When you get a new car, it’s natural to give it a lot of TLC. That’s understandable because you want to retain that “like new” look and feel for as long as possible.
Unfortunately, new roofs are often treated differently. There’s an understandable tendency to think that a new roof means you’re all set for years to come.
However, to get the best performance from your new roof and to potentially extend its life, you’ll want to attend to general and seasonal maintenance from year one. Treat your new roof like you’d treat a new car, and you’ll save time and money long-term.
You’ll also minimize the odds of your new roof leaking. You take care of anything else in your life, don’t forget about your roof!
It is ideal to inspect your roof twice a year – once in the fall and once in the spring. Additional inspections are appropriate when particularly severe storms hit.
1. Fall inspection
A fall inspection reveals possible wind and storm damage that occurred during the summer months. It also provides an opportunity to prepare for the winter to come. A fall inspection reveals:
- Torn, missing or damaged shingles
- Bent, damaged or missing flashing
- Damage to other roof components
- Leaves clogging gutters and downspouts
If high winds loosen a flashing or tear shingles from the roof, it is crucial to make repairs before winter’s snow and ice increase the potential for leaks. Falling leaves that clog gutters and downspouts can cause a host of problems, particularly in northern states like New Jersey.
2. Spring inspection
Every spring, it is important to inspect your roof for damage incurred during the difficult winter months. A spring inspection reveals:
- Flashings and other roof components damaged by ice dams
- Shingles damaged or blown away by high winds
It’s always possible that ice dams have damaged flashings or roof components along the roof line.
3. Special inspections
Sometimes, high winds and severe storms may leave you wondering if your roof survived unscathed. The chance of a new roof leaking increases when the worst storms strike.
Therefore, consider scheduling a special roof inspection after an extreme weather event. Even if there is no roof damage, the inspection is worth the peace-of-mind it will give you.
The good news is that, given proper installation, modern architectural shingles will often withstand the unpredictable weather in New Jersey.
Asphalt shingles are popular in New Jersey for many reasons. For example, they typically remain pliable and flexible through endless freeze-thaw cycles, heavy snow accumulations and ice dams.
However, it’s always important to remain on guard for signs of damage or deterioration. In general, you’ll want to arrange for periodic inspections to minimize the chance of your new roof leaking.
There’s no better way to do this than through scheduled inspections by a certified roof inspector who can note:
1. Damaged shingles, flashings and other roof components. It is important to realize that a single missing or damaged flashing may allow water to intrude into your home. Undetected, the problem may lead to stained walls, softened drywall, rotting wood framing and even mold.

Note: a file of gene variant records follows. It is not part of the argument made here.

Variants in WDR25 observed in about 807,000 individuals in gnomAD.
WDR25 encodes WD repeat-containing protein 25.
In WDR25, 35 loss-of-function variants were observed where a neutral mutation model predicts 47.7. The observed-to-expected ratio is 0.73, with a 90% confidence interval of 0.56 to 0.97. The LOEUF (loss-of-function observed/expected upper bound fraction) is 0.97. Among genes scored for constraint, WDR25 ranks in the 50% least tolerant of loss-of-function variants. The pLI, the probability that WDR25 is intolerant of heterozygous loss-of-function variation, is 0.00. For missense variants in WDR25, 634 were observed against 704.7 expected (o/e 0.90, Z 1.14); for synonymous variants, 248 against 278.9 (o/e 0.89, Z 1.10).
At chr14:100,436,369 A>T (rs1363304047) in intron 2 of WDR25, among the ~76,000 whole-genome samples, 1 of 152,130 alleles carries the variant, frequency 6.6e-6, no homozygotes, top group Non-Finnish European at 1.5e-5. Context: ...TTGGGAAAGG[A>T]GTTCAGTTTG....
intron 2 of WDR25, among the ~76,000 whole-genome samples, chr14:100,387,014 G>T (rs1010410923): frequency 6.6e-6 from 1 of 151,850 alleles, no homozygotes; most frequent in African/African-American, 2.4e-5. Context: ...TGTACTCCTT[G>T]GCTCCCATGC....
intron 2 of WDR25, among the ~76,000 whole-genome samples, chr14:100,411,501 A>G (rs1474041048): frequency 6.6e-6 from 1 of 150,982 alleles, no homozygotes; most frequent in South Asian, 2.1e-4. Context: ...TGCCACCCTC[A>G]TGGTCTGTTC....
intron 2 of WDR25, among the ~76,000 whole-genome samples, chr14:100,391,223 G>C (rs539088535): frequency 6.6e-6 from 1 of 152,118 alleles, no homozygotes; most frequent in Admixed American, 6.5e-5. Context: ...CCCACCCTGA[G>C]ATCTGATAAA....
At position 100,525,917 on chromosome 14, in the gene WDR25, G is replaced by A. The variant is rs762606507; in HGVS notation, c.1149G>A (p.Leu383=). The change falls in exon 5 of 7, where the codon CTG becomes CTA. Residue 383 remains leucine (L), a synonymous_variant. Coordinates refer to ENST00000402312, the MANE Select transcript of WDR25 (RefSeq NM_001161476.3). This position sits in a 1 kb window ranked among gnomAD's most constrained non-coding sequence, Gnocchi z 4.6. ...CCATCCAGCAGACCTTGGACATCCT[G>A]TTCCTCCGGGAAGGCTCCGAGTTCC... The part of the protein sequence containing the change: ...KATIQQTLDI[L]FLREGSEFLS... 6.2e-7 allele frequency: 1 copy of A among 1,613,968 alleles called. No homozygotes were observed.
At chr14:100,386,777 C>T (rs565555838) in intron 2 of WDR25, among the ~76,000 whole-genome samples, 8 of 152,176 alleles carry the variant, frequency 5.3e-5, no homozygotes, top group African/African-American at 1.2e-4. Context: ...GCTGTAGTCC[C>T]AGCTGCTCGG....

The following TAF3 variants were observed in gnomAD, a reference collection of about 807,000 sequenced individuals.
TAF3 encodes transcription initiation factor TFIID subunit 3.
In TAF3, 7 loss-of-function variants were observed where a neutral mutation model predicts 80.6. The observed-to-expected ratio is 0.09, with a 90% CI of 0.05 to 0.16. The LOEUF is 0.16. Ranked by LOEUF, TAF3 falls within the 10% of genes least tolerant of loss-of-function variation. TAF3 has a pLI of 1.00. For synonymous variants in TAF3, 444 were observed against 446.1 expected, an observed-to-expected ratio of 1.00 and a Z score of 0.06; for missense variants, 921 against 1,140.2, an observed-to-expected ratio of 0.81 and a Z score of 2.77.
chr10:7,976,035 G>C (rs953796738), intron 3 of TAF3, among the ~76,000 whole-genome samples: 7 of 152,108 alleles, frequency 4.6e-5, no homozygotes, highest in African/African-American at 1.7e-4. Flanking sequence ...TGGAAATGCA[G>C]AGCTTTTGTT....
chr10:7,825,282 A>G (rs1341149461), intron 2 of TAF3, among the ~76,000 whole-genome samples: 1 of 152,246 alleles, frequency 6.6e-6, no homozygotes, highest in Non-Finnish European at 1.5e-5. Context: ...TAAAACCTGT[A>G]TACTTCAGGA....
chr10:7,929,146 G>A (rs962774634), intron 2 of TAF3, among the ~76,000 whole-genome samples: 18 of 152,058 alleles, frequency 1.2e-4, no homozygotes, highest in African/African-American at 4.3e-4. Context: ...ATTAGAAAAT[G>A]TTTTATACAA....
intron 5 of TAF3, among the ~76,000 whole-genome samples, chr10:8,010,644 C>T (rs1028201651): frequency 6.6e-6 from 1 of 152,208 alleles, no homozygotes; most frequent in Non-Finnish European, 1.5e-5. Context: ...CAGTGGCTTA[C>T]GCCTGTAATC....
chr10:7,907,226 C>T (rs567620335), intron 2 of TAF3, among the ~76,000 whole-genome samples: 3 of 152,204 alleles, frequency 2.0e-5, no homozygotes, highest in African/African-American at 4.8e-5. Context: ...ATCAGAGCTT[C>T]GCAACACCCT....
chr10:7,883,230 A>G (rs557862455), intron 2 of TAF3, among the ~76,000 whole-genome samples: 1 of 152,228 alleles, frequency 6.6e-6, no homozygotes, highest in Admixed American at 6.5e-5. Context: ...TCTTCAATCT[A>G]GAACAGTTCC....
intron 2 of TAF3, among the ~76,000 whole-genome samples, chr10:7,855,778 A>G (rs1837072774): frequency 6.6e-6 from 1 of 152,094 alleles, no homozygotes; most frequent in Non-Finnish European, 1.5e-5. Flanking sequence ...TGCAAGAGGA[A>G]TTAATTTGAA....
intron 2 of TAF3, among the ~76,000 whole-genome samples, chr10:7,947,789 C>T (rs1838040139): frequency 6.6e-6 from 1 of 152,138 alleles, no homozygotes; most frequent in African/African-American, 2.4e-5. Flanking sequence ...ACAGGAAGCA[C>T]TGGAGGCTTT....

2. Clogged gutters. This issue may lead to ice dams that can drive moisture up and under shingles.
3. Holes. Occasionally, even a new roof can leak due to small or large holes. For example, a large branch or other wind-blown debris can puncture the roof. Raccoons, squirrels and other critters can also cause a surprising amount of damage on occasion. A misplaced fastener may also leave a tiny hole.
4. Evidence of substandard installation by a previous contractor. Mistakes with fasteners, flashings and caulking may occur. Workmanship around chimneys, skylights and other protrusions is not always what it should be. Problems with the installation of felt, underlayment and other roof components may also result in a leaky roof.
5. Issues not directly related to the roof. Cracked chimney crowns and dried-out rubber seals around skylights may cause a leak. Trees branches growing over a roof will blow causing damage to the shingle and flashing.
6. Developing issues. Regular roof inspections by trained professionals also alert you to developing issues that will need to be addressed in the future. Roof components might still be performing well even though they are showing preliminary signs of aging. In the winter, water can get into hairline cracks that expands as it freezes.
Again, regular roof inspections reveal evidence of damaged shingles and other roof components. It is often possible to selectively replace the bad shingles at relatively modest cost before your new roof is leaking. The trick is to identify problems before complications arise.
Contact Us for Assistance
Since 1977, CRS has attended to the roofing needs of New Jersey homeowners. We’d welcome the opportunity to apply our years of professional experience to your roofing issue, whatever it might be.
We are a full-service roofing contractor serving Bergen County NJ and surrounding areas. Look to us for regular and emergency roof inspections, insurance work, minor and major repairs, re-roofing and complete roof replacements.
Please contact us today to arrange for a complimentary consultation. Upon your request, we’ll send a certified roof inspector to your property to evaluate every aspect of your roof system.